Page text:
By Ray Hamill — With a big decision looming in the coming weeks, the Humboldt-Del Norte League appears to be leaning toward a start date of December 14 for the 2020/21 prep sports year.
The big question, however, is whether the league will opt for a two-season or three-season format, or something else entirely.
Both the California Interscholastic Federation and North Coast Section, which includes the H-DNL, recently decided to push back the start of the sports year to mid-December because of concerns over the pandemic, with competition slated to start in January.
The calendar adopted by the CIF and NCS is for two seasons instead of the traditional three, which will result in nine local sports competing simultaneously between March and June.
And that will be problematic for many H-DNL programs, especially within the smaller schools, and will force some local multiple-sport athletes to decide on one sport over another.
In particular, that could be devastating for the smaller H-DNL teams in basketball, baseball, softball and soccer, all of whom would have to compete for athletes within their own schools and some of whom may not be able to field a team.
According to H-DNL Commissioner Jack Lakin, all of these concerns were discussed at a league meeting on Wednesday.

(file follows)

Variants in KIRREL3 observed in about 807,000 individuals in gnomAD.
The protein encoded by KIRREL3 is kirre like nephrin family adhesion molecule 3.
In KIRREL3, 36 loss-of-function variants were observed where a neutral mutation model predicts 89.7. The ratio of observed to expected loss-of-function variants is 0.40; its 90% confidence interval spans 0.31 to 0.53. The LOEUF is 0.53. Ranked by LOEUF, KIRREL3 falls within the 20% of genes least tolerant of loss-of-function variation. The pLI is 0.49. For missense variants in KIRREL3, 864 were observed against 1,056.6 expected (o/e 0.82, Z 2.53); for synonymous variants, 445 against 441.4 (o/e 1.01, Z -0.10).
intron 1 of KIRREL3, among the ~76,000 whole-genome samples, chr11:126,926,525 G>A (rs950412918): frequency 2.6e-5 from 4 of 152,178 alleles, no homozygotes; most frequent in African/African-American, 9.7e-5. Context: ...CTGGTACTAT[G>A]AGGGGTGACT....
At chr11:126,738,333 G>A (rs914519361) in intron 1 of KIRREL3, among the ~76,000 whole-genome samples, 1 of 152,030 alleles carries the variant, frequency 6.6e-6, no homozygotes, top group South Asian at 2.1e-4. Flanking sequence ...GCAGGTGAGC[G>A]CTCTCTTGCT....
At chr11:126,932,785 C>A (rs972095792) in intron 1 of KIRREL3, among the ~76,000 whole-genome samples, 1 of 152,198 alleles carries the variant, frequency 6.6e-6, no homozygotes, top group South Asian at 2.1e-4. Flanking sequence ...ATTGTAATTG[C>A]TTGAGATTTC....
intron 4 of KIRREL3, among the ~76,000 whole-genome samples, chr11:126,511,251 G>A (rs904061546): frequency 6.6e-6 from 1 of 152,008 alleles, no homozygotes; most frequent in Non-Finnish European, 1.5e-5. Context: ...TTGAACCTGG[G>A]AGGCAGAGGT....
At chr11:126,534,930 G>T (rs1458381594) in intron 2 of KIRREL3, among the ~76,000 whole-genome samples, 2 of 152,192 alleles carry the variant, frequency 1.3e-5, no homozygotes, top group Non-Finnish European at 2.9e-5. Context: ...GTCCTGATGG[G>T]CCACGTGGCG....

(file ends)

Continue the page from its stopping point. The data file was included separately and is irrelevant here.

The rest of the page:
The H-DNL athletic directors will meet again next Wednesday to discuss options and potentially recommend an alternative H-DNL calendar.
If they deviate from the CIF plan, the most likely recommendation would be three shortened seasons of essentially eight or nine weeks each running from January through June, which would allow the multiple-sport athletes to play all their chosen sports, and allow the programs to field their expected teams.
The league will meet again on August 12 to review the options and possibly vote to approve a new calendar for the H-DNL.
Any proposal from the league would have to be approved by the NCS at its meeting on October 2.
The biggest problem with adopting a three-season format and going against the NCS and CIF’s recommendations is that it would prevent local teams from competing in section or state playoffs, which is a major part of the season for many of them.
Playing eight- or nine-week seasons also could be very problematic for outdoor sports if we have a wet spring, while going against the rest of the section would also severely limit scheduling opportunities.
The inland Northern Section, which stretches from Yuba and Sutter counties up to the Oregon border, originally voted against following the CIF’s directive, opting to try to compete in the fall, although the most influential leagues within the section have since backed downfrom that decision and largely accepted the state-wide directive.
According to Lakin, the consensus at Wednesday’s meeting seemed to be leaning toward supporting the CIF/NCS start date of December 14.
Whether that will mean two or three seasons in the new year remains to be seen.